26 March 2010

From the safety of the ivory tower

Some professors at the University of Regina don’t like a scholarship for the children of Canadian soldiers killed in Afghanistan.

They argue it “glorifies imperialism” and:

“It conflates heroism with the death of individuals who are in the military service and we think that the death of individuals is always a tragic matter, but we think that heroism is something different,”

Lots of people conflate lots of things but in this case one is tempted to suggest that the learned ones at Regina U have conflated their thoughts with anything approaching reason.

But in light of these thoughts offered from the prairies, one wonders what the view is at the administrative level at a university that is part of the scholarship program, a university built as a lasting memorial to men who gave their lives in military and naval service.

Noreen Golfman, Memorial University’s managerially-challenged grad studies dean, wrote a piece for the now defunct Independent back in  January 2007 in which she vented her frustration over the prevalence of images from the war in Afghanistan during the holiday season:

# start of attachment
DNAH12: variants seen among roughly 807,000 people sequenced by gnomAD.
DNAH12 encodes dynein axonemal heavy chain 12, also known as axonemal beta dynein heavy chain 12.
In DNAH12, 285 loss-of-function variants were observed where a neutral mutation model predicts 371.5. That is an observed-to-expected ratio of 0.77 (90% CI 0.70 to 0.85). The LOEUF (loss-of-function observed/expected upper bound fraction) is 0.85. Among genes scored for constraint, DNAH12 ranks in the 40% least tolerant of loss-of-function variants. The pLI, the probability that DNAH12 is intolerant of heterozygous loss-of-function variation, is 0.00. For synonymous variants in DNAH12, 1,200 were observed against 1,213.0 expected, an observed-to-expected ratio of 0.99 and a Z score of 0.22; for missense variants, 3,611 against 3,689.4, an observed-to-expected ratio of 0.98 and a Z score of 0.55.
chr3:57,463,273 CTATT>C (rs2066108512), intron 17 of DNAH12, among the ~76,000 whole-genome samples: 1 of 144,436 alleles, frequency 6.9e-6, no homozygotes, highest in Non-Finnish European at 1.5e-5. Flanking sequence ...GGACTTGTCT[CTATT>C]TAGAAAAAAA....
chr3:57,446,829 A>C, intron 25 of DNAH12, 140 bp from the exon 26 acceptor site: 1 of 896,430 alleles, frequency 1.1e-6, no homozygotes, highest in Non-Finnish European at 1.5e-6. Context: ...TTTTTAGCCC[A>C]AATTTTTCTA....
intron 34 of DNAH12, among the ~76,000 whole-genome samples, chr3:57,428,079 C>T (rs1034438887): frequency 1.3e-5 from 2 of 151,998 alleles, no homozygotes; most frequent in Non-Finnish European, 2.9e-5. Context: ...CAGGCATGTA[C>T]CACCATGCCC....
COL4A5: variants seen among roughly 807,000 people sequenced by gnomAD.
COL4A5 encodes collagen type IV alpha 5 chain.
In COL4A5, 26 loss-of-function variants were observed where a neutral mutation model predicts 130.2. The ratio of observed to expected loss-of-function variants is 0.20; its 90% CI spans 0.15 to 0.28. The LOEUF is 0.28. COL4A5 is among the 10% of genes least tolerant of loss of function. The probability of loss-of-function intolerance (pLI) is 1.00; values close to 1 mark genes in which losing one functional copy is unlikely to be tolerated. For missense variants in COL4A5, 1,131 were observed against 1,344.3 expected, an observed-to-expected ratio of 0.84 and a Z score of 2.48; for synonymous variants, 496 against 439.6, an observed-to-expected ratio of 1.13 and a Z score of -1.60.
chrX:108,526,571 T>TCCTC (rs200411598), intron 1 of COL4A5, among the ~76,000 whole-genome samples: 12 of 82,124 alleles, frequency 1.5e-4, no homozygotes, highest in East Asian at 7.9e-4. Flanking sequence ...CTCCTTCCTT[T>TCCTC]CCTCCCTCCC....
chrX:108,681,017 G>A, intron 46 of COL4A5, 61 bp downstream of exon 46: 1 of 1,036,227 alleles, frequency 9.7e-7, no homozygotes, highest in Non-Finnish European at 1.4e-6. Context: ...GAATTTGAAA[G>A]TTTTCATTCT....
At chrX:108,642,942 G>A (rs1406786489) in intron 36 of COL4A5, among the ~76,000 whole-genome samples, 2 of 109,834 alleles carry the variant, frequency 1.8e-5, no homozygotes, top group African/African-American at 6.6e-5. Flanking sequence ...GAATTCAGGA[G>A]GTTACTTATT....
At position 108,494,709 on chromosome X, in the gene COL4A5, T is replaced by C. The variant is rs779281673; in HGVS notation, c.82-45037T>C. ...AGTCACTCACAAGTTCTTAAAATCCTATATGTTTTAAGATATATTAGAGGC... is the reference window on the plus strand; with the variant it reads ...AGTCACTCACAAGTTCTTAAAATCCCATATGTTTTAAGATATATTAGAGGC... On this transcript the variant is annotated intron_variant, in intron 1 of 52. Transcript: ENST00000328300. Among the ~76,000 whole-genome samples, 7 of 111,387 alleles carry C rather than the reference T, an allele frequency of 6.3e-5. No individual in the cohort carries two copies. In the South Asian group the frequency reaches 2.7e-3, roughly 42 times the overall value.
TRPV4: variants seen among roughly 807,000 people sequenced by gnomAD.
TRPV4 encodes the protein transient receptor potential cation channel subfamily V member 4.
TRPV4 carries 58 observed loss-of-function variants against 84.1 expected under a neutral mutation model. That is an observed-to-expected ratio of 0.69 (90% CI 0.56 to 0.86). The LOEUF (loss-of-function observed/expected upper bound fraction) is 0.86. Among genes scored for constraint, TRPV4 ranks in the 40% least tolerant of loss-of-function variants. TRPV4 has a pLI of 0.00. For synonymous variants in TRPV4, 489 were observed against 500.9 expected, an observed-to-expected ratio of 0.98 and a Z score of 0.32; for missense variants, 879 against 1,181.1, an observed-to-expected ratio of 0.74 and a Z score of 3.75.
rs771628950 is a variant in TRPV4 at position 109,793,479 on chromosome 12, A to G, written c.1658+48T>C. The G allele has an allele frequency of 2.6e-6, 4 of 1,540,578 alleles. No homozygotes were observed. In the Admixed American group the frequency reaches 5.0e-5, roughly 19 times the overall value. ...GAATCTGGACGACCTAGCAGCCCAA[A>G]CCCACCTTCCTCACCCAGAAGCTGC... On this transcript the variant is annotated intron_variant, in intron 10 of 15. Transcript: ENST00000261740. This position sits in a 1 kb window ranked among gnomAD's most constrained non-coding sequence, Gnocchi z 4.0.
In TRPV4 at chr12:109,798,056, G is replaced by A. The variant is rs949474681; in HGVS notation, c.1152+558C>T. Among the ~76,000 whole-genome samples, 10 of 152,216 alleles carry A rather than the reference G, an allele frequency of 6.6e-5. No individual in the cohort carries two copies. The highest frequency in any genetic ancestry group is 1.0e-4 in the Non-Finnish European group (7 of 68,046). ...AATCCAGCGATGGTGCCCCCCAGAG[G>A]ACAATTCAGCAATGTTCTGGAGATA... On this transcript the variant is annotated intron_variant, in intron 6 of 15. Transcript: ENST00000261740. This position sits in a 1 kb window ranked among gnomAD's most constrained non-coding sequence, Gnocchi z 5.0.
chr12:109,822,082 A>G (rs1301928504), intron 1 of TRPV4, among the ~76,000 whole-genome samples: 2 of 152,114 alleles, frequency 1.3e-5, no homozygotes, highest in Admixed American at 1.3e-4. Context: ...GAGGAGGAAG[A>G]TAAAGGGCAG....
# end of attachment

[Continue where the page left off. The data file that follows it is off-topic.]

Every time you opened a newspaper or listened to the news, especially on the CBC, you were compelled to reach for the box of tissues. If it wasn’t a story about some poor sod’s legs being blown off then it was an extended interview with some dead soldier’s parents. Indulging in another bite of dark chocolate was meant to be more painful this year. Here, have a plate of guilt with your second helping, my dear, and pass the self-reproach.

Golfman also lamented the lack of protest in her typically insightful way:

What in the world is going on? Where are the protest songs of yesteryear? I guess, when General Rick “MUN graduate” Hillier invites you to come along and share the joy ride you have to join up faster than you can say “Bob Hope is dead.” Reading Mercer’s widely circulated piece on the joys of serving gravy to the grateful Canadian boys was almost as painful as watching Peter MacKay flirt with Condoleezza “Condee” Rice.

One wonders if then Professor Golfman, now Dean Golfman, still holds the same miserable opinion of the men and women who served in Afghanistan.  Some of them might be graduates of Memorial or, mercy sakes, might even be graduate students there.

Does she share the  views of academics at Regina? Did she offer her opinion of the Project Hero scholarship before memorial endorsed it?

Perhaps she might be moved to offer a comment if she has the time, that is, coping with the financial mess in the grad studies school.


Related:  Rick Mercer’s answer to Golfman.